Giant crab eats birds. You’re next!
Humongous land crab dines on remote-island seabirds
A biologist working on remote islands in the Indian Ocean has witnessed something new. He spotted a coconut crab, the world’s largest land invertebrate, killing and eating a seabird known as a red-footed booby. It’s the first time that such attacks have been reported.
Mark Laidre is a biologist at Dartmouth College in Hanover, N.H. He witnessed the attack in March 2016. He was on a two-month field expedition to study the crabs in the Chagos Archipelago.
Laidre is an expert on hermit crabs. But he had been “dying to study” their humongous cousins, which can have a leg span wider than a meter (three feet) and can weigh more than four kilograms (nine pounds). Little is known about the crabs, he notes. A study earlier this year looked at the force that a coconut crab’s claw can exert in the lab. But, he says, “there’s still not a single paper on how they open a coconut.”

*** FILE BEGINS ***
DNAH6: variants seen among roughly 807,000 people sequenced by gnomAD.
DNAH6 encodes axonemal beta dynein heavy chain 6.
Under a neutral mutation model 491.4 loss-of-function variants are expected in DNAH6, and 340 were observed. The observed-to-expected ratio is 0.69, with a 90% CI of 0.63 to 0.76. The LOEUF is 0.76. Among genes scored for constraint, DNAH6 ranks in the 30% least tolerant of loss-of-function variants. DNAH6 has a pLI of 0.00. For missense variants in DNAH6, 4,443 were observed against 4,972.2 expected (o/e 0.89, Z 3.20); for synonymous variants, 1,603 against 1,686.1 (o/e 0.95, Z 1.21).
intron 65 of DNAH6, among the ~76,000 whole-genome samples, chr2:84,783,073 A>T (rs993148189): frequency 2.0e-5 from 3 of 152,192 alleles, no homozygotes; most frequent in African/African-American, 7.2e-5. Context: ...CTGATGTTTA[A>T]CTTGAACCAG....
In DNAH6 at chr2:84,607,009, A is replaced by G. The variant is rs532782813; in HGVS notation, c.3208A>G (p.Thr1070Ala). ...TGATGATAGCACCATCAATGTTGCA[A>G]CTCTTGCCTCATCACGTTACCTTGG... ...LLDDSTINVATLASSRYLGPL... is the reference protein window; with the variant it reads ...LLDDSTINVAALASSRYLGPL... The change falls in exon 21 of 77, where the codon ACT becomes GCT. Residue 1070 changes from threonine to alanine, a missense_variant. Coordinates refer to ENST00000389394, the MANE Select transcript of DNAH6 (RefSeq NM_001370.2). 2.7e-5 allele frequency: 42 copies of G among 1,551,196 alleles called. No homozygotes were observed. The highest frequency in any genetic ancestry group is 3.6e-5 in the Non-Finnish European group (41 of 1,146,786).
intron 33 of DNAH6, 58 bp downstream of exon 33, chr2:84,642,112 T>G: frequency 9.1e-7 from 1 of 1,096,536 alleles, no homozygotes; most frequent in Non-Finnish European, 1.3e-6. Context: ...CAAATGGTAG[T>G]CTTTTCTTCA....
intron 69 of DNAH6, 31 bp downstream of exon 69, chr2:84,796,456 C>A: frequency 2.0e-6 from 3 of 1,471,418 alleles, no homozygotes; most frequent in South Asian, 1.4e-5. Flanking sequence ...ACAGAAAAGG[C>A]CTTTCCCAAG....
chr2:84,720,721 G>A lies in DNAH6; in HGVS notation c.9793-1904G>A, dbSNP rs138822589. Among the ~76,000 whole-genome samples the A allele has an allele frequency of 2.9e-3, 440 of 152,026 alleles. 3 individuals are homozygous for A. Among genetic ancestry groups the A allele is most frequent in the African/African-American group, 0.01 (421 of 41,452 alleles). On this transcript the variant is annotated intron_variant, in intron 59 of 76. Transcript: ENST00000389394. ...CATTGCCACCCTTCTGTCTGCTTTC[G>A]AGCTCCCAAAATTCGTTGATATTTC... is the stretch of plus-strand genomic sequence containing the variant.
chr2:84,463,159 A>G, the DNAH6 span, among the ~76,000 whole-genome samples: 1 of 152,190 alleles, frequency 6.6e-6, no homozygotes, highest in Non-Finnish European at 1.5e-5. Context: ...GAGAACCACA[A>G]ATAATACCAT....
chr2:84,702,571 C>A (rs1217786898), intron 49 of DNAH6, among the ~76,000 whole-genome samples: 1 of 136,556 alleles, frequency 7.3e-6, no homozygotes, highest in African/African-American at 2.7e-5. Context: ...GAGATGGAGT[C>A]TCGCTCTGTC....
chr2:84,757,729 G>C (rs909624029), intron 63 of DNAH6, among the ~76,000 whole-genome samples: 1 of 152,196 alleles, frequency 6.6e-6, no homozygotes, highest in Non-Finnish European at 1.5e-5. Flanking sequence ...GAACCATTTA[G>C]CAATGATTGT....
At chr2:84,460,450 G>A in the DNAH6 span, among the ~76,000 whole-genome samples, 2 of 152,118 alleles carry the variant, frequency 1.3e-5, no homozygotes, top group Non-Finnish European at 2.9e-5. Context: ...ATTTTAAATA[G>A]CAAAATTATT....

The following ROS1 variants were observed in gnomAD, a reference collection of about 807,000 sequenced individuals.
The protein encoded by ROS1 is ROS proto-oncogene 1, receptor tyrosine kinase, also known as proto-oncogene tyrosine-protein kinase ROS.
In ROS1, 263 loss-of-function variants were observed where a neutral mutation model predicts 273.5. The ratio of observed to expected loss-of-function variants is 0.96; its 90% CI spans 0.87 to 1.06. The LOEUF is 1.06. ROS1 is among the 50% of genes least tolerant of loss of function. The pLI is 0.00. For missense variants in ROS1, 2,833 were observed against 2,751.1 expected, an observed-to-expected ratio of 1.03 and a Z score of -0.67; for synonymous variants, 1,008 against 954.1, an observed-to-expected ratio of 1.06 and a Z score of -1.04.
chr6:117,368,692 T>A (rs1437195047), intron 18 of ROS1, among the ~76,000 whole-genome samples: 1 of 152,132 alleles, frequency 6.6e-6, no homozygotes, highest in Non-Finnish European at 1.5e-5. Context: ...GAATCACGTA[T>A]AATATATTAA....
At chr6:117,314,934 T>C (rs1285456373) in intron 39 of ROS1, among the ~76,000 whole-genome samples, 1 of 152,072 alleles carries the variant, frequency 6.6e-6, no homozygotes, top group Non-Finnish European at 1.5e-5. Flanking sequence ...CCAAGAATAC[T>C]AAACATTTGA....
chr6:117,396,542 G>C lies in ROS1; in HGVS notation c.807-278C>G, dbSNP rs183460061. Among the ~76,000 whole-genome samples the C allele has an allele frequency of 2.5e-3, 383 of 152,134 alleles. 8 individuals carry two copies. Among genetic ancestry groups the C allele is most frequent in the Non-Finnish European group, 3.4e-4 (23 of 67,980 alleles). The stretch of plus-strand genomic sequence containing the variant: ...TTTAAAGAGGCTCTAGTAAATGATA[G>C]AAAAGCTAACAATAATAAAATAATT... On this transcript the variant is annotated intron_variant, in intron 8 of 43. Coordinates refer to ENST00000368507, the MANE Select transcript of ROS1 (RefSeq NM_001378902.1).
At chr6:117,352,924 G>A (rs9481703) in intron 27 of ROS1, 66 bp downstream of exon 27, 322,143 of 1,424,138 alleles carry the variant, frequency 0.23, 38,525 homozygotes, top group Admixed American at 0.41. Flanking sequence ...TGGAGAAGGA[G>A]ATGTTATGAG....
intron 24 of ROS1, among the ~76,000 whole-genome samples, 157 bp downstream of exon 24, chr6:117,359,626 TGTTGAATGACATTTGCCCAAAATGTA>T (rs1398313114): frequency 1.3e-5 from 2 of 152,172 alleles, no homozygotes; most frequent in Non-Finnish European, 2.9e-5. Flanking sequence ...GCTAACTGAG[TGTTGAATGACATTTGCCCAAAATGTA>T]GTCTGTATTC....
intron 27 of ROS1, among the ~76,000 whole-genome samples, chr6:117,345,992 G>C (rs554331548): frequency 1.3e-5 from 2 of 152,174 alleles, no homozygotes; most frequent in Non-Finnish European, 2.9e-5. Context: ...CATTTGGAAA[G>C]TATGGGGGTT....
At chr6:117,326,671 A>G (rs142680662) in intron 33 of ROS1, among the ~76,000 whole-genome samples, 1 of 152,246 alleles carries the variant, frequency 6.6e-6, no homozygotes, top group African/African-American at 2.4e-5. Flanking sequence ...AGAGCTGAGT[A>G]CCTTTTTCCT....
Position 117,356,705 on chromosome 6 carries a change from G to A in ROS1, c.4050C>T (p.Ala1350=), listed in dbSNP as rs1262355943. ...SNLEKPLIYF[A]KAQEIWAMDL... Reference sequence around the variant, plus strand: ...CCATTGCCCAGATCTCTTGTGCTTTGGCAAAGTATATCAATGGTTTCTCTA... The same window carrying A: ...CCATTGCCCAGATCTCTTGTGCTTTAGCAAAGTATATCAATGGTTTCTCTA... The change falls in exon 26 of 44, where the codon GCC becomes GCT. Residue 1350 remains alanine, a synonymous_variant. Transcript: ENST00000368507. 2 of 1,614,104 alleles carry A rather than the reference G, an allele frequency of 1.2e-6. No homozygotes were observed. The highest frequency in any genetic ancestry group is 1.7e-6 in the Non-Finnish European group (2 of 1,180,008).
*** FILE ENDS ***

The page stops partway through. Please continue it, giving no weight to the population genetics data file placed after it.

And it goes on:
So he trekked to a remote spot in the Indian Ocean. (He wanted to study the crabs in a place where few people were around to interfere with their natural behaviors.) Laidre had heard tales of coconut crabs killing rats. He later witnessed the crabs munching on the islands’ rodents. “Clearly,” he says, “it’s in their repertoire to eat something big.” And when he took inventory of the crabs’ burrows, he found one held the carcass of an almost full-grown red-footed booby. “At the time,” he recalls, “I had assumed it was something that had died … and the crab had dragged in there.”
Then, in the middle of one night, he saw a crab attack a sleeping bird. The crab scaled a tree and then dragged the bird off of a branch and onto the ground. There, it broke the bird’s bones. Laidre managed to catch part of the event on film. “I didn’t have the heart to videotape five coconut crabs tearing apart the bird later,” he says. “It was a little bit overwhelming. I had trouble sleeping that night.”